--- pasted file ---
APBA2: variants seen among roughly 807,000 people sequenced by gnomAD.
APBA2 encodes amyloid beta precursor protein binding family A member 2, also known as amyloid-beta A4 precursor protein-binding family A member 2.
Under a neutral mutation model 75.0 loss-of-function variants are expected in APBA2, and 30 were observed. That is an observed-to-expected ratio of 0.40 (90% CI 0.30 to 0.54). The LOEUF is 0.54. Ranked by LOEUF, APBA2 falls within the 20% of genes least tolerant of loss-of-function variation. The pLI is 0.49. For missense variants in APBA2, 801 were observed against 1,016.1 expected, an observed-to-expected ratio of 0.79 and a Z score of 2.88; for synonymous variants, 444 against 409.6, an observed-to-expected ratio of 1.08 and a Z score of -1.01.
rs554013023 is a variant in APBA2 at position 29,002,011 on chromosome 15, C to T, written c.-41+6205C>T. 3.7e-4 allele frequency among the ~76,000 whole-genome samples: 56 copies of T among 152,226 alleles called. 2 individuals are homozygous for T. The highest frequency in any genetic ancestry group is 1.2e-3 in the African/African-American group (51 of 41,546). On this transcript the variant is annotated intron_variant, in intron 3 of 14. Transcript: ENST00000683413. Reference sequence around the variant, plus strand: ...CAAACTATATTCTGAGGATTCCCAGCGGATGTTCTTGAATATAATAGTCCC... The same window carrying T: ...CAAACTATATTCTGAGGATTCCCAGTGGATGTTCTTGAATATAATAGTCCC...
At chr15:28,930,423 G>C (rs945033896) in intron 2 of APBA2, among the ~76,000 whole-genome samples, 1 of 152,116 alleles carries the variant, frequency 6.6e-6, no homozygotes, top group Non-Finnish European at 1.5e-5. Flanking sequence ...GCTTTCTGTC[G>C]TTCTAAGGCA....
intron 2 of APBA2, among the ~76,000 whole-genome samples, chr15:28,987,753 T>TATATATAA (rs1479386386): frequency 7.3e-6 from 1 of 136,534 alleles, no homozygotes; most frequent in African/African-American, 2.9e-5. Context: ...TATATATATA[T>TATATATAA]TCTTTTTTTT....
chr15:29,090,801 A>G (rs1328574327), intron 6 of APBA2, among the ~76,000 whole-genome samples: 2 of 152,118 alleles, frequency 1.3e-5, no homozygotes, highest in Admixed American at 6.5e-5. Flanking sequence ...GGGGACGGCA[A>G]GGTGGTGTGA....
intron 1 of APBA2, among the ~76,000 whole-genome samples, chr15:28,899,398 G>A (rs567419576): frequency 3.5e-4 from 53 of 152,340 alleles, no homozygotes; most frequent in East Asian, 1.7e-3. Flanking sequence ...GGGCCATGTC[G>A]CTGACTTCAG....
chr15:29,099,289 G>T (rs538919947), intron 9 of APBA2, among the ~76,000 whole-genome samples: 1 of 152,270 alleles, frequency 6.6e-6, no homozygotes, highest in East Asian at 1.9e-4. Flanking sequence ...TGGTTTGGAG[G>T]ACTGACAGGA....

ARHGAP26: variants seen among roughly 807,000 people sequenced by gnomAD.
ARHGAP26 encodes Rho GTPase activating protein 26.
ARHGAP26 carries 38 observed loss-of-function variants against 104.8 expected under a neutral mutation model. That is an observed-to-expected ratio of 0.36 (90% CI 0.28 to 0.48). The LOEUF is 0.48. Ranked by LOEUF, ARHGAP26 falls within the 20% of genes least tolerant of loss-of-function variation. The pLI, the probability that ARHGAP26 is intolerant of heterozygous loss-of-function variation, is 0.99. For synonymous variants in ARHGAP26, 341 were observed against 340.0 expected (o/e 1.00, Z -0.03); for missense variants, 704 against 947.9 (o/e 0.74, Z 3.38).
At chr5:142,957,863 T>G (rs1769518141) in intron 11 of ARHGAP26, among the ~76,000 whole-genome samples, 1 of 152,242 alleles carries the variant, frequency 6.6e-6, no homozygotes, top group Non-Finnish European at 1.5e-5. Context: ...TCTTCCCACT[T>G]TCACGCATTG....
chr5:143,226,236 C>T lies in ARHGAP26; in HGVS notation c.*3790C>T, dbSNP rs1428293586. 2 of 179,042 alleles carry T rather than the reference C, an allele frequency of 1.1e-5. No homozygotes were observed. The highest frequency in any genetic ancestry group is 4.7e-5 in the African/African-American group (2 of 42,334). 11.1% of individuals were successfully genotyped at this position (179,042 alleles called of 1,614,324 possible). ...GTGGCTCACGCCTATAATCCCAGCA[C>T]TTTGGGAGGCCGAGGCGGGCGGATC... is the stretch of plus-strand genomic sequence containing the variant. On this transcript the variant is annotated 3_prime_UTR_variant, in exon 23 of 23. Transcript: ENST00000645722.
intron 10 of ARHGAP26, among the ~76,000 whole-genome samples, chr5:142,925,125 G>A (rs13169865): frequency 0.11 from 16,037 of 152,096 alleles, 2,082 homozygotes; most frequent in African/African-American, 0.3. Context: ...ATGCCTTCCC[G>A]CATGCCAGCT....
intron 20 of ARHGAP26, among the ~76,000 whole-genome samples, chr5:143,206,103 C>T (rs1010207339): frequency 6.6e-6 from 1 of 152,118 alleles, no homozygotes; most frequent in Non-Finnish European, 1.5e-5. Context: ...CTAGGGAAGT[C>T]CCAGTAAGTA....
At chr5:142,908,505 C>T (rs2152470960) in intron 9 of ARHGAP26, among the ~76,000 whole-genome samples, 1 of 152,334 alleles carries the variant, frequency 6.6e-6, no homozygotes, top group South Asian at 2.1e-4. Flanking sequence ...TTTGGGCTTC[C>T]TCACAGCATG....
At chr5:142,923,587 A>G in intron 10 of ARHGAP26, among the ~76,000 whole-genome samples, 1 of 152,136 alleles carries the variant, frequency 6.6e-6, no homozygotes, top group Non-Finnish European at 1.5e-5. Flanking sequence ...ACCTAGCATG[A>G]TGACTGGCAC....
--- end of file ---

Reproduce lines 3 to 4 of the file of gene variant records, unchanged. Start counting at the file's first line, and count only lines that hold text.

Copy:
Under a neutral mutation model 75.0 loss-of-function variants are expected in APBA2, and 30 were observed. That is an observed-to-expected ratio of 0.40 (90% CI 0.30 to 0.54). The LOEUF is 0.54. Ranked by LOEUF, APBA2 falls within the 20% of genes least tolerant of loss-of-function variation. The pLI is 0.49. For missense variants in APBA2, 801 were observed against 1,016.1 expected, an observed-to-expected ratio of 0.79 and a Z score of 2.88; for synonymous variants, 444 against 409.6, an observed-to-expected ratio of 1.08 and a Z score of -1.01.
rs554013023 is a variant in APBA2 at position 29,002,011 on chromosome 15, C to T, written c.-41+6205C>T. 3.7e-4 allele frequency among the ~76,000 whole-genome samples: 56 copies of T among 152,226 alleles called. 2 individuals are homozygous for T. The highest frequency in any genetic ancestry group is 1.2e-3 in the African/African-American group (51 of 41,546). On this transcript the variant is annotated intron_variant, in intron 3 of 14. Transcript: ENST00000683413. Reference sequence around the variant, plus strand: ...CAAACTATATTCTGAGGATTCCCAGCGGATGTTCTTGAATATAATAGTCCC... The same window carrying T: ...CAAACTATATTCTGAGGATTCCCAGTGGATGTTCTTGAATATAATAGTCCC...